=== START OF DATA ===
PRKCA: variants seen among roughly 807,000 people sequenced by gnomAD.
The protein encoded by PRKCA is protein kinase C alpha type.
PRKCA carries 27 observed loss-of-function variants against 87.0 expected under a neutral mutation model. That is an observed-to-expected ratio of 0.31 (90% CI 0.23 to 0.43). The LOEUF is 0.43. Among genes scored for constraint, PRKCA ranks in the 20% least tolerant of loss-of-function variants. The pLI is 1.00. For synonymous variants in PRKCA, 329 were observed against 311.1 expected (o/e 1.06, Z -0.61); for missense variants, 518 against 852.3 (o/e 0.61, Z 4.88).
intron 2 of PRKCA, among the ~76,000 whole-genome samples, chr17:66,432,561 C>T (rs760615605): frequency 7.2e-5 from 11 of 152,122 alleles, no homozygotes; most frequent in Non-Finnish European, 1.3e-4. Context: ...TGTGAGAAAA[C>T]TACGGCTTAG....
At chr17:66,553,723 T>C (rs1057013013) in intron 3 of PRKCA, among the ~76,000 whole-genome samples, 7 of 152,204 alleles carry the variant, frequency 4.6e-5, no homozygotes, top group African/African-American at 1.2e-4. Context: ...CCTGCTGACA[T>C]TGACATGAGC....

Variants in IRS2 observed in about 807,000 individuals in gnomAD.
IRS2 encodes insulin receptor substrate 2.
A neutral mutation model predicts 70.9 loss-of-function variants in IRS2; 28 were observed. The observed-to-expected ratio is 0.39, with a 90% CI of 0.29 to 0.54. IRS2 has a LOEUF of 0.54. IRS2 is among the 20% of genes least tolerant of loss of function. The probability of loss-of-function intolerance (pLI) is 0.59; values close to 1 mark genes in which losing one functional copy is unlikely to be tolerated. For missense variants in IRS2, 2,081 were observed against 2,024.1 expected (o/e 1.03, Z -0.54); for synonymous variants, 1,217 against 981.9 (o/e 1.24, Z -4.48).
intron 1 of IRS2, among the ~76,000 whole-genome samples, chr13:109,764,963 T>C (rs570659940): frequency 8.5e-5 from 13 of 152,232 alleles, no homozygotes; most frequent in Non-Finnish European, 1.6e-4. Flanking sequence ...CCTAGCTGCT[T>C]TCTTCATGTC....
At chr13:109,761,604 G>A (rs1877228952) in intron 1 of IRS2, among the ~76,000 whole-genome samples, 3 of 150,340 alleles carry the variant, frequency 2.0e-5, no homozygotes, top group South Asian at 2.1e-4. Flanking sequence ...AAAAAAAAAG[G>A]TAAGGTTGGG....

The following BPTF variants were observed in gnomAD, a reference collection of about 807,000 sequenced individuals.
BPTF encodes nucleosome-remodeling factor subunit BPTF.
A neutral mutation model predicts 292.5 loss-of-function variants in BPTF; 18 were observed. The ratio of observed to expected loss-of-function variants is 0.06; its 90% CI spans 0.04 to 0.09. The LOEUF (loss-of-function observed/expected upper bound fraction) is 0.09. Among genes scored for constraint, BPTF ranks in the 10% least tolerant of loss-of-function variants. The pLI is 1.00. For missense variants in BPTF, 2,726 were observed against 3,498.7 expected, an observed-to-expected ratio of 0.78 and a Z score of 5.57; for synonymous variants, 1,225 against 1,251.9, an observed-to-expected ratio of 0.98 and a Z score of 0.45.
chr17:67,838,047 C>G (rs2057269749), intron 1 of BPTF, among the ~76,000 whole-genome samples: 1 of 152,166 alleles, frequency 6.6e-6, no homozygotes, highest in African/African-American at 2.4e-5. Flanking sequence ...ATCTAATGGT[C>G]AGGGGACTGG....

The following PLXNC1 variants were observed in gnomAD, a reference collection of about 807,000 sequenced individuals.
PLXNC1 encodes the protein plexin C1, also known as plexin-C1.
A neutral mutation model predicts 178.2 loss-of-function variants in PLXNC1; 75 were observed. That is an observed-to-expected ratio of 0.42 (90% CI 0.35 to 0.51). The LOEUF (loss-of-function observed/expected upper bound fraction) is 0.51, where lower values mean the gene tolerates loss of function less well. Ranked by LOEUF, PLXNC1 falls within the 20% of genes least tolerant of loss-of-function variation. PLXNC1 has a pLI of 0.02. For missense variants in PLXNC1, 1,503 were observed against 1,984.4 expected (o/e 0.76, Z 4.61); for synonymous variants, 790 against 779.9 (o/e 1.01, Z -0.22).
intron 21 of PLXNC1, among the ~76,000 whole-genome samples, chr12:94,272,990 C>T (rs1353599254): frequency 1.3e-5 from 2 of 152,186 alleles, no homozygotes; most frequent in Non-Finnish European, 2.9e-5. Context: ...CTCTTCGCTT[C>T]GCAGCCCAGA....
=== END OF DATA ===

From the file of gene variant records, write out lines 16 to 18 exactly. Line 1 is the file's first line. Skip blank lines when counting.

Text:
PLXNC1 encodes the protein plexin C1, also known as plexin-C1.
A neutral mutation model predicts 178.2 loss-of-function variants in PLXNC1; 75 were observed. That is an observed-to-expected ratio of 0.42 (90% CI 0.35 to 0.51). The LOEUF (loss-of-function observed/expected upper bound fraction) is 0.51, where lower values mean the gene tolerates loss of function less well. Ranked by LOEUF, PLXNC1 falls within the 20% of genes least tolerant of loss-of-function variation. PLXNC1 has a pLI of 0.02. For missense variants in PLXNC1, 1,503 were observed against 1,984.4 expected (o/e 0.76, Z 4.61); for synonymous variants, 790 against 779.9 (o/e 1.01, Z -0.22).
intron 21 of PLXNC1, among the ~76,000 whole-genome samples, chr12:94,272,990 C>T (rs1353599254): frequency 1.3e-5 from 2 of 152,186 alleles, no homozygotes; most frequent in Non-Finnish European, 2.9e-5. Context: ...CTCTTCGCTT[C>T]GCAGCCCAGA....